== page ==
[EMAIL PROTECTED] (Glenn LeBrasseur) writes:

> Unfortunately no part of  802.11a is in the amateur spacecraft  
> range. This kind of makes sense with regard to interference, since it  
> would be so easy for a spacecraft to interfere with a large number of  
> terrestrial 802.11a stations.

The reverse is *far* more important, at least to me. ;-)

A large body of unlicensed terrestrial transmitters bringing up the noise 
floor could make it *very* hard to hear amateur satellite downlinks, which 
are typically far too weak to cause any significant interference to 
terrestrial stations.  In theory an uplink could cause interference to 
802.11a stations, but since highly directional antennas are typically used 
aimed at the satellite, any real interference caused by an uplink is likely 
to be rare.

> Power levels  
> are limited to the license class [8], which for the technician class  
> is 200 watts, and the overall power limit stated in CFR 47-97.313(a)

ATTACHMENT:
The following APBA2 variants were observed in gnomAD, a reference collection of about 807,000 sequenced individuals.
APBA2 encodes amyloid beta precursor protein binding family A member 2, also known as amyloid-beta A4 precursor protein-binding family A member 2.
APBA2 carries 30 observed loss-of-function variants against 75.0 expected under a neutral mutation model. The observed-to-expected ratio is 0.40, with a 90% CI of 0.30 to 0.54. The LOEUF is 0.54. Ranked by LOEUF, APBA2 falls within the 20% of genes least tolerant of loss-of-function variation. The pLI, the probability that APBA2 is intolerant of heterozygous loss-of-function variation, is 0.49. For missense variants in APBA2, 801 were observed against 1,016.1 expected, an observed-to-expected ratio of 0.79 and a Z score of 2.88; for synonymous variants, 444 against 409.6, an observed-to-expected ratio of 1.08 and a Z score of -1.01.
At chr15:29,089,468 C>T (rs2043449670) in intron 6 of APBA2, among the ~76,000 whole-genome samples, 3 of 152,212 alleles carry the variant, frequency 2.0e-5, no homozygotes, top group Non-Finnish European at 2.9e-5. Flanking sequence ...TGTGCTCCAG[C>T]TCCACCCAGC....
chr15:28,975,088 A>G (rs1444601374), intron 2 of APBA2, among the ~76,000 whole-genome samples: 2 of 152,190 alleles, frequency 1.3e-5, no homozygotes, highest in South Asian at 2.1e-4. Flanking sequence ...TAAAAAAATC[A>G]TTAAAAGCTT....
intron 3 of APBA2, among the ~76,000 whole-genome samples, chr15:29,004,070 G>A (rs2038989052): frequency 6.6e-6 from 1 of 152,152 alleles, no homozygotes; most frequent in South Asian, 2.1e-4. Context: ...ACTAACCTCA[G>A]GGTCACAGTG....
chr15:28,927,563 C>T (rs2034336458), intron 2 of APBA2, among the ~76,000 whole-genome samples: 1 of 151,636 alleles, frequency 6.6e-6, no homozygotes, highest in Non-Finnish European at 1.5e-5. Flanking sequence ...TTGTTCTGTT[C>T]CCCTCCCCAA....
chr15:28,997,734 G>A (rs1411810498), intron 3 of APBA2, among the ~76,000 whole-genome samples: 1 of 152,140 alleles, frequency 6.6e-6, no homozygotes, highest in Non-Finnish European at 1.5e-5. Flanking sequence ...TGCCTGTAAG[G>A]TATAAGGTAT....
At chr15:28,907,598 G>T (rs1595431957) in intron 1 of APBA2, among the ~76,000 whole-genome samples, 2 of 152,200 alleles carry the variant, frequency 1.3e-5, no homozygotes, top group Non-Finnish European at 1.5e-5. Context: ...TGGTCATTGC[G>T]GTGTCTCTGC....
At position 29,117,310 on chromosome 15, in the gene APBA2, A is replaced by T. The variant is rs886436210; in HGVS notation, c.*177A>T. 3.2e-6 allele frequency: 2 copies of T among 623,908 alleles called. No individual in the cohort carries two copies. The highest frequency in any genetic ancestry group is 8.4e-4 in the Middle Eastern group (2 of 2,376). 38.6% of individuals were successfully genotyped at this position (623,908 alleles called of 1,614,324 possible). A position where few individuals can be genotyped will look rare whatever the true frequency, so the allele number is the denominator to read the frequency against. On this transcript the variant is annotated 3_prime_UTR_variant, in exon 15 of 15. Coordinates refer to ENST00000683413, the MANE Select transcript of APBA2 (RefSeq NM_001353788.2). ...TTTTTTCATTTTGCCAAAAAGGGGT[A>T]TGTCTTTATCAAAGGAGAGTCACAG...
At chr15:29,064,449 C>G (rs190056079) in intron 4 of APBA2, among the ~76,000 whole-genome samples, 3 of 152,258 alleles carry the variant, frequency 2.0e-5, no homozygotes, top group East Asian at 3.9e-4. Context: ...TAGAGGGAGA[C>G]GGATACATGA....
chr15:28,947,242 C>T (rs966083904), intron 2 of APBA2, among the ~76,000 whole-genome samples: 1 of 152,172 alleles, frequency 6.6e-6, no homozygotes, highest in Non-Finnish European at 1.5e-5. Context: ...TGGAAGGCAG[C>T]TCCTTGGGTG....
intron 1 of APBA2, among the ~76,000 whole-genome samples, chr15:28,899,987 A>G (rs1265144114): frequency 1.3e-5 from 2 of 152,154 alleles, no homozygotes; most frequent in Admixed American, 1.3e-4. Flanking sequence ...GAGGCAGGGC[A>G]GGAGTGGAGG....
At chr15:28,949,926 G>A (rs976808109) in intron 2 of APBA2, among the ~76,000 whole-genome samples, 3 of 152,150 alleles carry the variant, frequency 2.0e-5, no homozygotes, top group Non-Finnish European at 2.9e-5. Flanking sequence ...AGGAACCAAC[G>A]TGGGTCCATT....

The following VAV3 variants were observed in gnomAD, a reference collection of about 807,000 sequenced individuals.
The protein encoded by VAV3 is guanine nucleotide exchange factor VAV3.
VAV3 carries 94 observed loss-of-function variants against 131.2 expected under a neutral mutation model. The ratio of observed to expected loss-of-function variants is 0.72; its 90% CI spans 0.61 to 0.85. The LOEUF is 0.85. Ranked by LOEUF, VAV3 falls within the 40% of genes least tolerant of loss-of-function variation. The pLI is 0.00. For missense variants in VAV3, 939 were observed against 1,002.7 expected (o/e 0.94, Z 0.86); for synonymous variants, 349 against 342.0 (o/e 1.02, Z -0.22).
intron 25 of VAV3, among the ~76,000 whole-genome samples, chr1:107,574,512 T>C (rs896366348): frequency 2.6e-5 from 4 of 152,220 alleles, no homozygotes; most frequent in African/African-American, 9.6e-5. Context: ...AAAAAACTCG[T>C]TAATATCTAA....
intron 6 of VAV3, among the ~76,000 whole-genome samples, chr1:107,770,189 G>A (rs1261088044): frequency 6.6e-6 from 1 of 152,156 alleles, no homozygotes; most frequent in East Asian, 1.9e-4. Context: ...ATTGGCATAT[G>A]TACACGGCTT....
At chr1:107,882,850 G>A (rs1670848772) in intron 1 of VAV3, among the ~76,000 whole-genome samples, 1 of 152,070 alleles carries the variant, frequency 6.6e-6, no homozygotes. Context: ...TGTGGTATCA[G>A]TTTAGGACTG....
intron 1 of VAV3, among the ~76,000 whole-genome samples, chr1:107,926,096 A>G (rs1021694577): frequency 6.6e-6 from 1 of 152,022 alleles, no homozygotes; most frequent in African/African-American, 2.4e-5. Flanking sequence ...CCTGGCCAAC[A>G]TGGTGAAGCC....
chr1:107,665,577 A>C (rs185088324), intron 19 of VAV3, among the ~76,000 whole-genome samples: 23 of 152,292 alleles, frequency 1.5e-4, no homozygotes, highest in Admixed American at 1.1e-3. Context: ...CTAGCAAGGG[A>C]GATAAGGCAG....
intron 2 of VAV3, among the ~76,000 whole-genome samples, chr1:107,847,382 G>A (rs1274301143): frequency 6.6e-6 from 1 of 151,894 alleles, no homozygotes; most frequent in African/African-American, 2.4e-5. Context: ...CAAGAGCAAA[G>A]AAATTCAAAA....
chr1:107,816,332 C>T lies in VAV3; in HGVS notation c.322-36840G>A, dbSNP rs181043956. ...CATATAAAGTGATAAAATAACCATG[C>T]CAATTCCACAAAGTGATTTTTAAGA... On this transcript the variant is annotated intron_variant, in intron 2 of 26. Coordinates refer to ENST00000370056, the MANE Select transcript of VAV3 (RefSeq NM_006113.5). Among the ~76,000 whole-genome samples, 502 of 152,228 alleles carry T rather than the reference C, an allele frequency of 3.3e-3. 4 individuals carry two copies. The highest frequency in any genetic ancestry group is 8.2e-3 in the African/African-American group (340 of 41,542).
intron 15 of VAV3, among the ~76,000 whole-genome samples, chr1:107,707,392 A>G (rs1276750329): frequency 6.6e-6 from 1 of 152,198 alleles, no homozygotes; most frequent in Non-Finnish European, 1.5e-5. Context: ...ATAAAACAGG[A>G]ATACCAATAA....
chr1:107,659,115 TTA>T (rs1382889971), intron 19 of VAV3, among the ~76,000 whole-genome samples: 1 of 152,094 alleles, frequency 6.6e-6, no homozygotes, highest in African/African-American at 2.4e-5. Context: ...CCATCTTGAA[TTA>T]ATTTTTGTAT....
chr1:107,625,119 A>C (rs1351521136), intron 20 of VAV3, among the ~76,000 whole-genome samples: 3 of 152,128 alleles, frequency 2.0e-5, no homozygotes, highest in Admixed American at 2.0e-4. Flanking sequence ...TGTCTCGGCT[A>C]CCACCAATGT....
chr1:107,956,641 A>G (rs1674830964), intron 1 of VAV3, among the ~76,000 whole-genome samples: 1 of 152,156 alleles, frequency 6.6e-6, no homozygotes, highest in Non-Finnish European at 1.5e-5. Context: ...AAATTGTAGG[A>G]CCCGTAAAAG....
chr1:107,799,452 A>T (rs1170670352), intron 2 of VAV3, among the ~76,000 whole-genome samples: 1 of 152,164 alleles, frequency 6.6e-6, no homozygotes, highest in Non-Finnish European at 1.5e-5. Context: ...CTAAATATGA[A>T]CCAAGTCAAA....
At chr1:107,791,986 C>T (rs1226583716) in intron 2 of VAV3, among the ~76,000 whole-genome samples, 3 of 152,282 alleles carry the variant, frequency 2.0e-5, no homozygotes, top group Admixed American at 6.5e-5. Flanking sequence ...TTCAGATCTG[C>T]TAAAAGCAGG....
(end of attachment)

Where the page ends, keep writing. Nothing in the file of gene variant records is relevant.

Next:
> and (b).

I think you mis-read that part of the rules.  The actual power limit for all 
licensed amateurs on that band should be 1.5kW PEP.  However, the restriction
in the preceeding section on spread-spectrum transmissions likely applies, so
the limit may be 100W.  In practice, these distinctions are not important, 
because making gobs of power on C band requires *serious* heroics.  A watt is 
pretty easy, a few watts is plausible, serious uplinks for things like EME
typically involve TWT amplifiers, mongo amounts of heat sink mass, and/or water
cooling... you *really* don't want or need lots of watts for this task.

> The way I see it, using 802.11a will work for us up at larger amateur  
> power levels until we actually get into space, and either need the  
> higher power levels (more than 3 watts say) for the link budget, or  
> our footprint increases and we actually become a spacecraft.

When you become a spacecraft, you'll want/need to coordinate use of frequencies
in the amateur satellite sub-bands.  As long as you're on something like a 
ballistic trajectory, the terrestrial rules should continue to apply.

73 - Bdale, KB0G

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